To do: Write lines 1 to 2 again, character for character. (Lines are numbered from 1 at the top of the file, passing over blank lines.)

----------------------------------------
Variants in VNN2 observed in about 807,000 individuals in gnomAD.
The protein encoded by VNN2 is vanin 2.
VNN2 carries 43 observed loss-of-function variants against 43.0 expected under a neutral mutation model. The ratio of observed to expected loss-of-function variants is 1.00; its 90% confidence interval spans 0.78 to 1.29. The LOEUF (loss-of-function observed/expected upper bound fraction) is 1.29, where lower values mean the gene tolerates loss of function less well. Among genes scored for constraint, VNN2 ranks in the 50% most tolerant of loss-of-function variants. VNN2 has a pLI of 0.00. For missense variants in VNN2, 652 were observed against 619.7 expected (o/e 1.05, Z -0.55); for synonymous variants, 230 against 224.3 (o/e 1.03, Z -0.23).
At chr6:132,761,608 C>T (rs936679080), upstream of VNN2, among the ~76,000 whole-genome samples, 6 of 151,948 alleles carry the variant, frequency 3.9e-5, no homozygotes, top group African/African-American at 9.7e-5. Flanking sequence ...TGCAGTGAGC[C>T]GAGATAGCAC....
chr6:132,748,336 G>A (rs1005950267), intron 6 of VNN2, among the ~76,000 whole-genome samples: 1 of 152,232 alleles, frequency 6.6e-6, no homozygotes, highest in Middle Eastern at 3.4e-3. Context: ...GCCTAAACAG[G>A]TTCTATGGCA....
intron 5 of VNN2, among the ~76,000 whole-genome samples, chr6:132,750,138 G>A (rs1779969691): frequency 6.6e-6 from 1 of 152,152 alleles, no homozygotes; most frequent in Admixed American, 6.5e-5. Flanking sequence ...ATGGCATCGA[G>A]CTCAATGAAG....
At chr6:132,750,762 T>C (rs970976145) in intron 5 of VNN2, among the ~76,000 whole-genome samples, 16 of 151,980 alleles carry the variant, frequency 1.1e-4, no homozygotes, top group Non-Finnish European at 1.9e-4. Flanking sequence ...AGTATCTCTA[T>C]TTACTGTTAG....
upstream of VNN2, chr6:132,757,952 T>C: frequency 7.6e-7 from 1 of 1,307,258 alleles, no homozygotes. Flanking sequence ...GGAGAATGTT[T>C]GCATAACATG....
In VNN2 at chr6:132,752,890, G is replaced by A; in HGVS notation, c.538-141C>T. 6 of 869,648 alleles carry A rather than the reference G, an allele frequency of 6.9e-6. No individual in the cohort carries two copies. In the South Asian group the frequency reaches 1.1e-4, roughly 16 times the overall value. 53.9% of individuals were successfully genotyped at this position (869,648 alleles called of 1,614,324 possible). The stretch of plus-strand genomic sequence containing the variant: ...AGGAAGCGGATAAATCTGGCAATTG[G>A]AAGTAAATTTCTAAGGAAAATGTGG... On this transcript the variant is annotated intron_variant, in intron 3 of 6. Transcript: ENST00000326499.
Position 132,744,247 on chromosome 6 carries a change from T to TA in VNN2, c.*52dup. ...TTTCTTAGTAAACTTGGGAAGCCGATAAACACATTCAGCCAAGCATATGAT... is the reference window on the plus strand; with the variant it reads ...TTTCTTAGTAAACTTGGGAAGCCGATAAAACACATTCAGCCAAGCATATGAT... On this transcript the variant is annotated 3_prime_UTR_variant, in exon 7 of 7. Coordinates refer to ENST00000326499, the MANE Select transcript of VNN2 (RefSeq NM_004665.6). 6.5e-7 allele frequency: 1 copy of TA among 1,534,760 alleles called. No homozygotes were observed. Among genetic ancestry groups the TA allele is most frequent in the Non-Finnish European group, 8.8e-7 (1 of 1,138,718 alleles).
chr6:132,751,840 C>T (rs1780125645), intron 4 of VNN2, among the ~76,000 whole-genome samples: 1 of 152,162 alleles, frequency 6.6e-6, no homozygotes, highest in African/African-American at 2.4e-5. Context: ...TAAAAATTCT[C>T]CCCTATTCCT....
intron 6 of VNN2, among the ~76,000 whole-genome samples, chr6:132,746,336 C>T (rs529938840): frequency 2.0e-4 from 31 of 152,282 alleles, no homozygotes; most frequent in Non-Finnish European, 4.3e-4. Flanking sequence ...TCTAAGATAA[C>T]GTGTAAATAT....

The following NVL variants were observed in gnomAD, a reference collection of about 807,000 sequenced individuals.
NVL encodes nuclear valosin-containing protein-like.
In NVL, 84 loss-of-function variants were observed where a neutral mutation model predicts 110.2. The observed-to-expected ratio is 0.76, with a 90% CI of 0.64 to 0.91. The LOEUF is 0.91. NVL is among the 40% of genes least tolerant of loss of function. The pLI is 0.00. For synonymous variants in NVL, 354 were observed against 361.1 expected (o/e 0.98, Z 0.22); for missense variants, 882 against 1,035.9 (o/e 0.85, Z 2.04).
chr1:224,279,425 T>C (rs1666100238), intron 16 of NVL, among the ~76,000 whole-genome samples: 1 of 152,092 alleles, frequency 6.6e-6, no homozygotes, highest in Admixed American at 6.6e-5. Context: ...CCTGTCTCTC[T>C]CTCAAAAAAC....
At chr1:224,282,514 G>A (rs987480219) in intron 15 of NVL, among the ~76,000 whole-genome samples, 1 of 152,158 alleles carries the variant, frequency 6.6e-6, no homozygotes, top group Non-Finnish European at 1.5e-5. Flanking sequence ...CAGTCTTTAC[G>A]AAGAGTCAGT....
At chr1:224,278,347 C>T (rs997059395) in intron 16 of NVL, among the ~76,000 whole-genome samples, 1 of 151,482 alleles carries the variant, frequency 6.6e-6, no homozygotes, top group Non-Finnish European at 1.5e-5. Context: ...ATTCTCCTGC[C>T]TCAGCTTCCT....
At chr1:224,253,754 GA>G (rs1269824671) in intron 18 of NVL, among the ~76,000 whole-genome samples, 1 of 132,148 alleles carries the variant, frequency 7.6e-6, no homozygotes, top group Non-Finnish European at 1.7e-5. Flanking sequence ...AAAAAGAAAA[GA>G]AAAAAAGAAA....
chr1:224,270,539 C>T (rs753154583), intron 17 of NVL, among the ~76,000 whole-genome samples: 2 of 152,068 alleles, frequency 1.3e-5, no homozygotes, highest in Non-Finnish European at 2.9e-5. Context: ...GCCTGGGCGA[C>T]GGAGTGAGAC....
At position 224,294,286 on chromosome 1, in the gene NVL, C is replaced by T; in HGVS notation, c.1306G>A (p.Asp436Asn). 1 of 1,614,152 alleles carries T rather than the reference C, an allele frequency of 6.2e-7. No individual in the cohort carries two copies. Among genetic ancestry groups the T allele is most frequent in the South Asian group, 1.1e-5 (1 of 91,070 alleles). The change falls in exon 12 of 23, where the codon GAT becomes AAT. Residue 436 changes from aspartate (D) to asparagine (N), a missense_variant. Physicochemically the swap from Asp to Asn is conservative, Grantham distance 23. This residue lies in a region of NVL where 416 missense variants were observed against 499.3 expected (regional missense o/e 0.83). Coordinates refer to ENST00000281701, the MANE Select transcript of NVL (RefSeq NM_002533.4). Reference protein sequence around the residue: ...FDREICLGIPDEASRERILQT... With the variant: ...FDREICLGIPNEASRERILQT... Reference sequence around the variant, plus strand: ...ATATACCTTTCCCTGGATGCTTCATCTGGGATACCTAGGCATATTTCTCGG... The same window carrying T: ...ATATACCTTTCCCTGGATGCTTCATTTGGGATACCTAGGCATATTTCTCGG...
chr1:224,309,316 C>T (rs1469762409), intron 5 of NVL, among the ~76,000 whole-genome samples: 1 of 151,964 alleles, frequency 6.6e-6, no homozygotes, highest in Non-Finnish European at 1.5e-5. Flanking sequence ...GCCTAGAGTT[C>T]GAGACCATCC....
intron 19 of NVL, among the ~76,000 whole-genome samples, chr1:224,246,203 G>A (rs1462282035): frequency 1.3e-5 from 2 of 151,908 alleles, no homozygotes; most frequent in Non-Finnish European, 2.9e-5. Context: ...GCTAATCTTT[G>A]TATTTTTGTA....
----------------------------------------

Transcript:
Variants in VNN2 observed in about 807,000 individuals in gnomAD.
The protein encoded by VNN2 is vanin 2.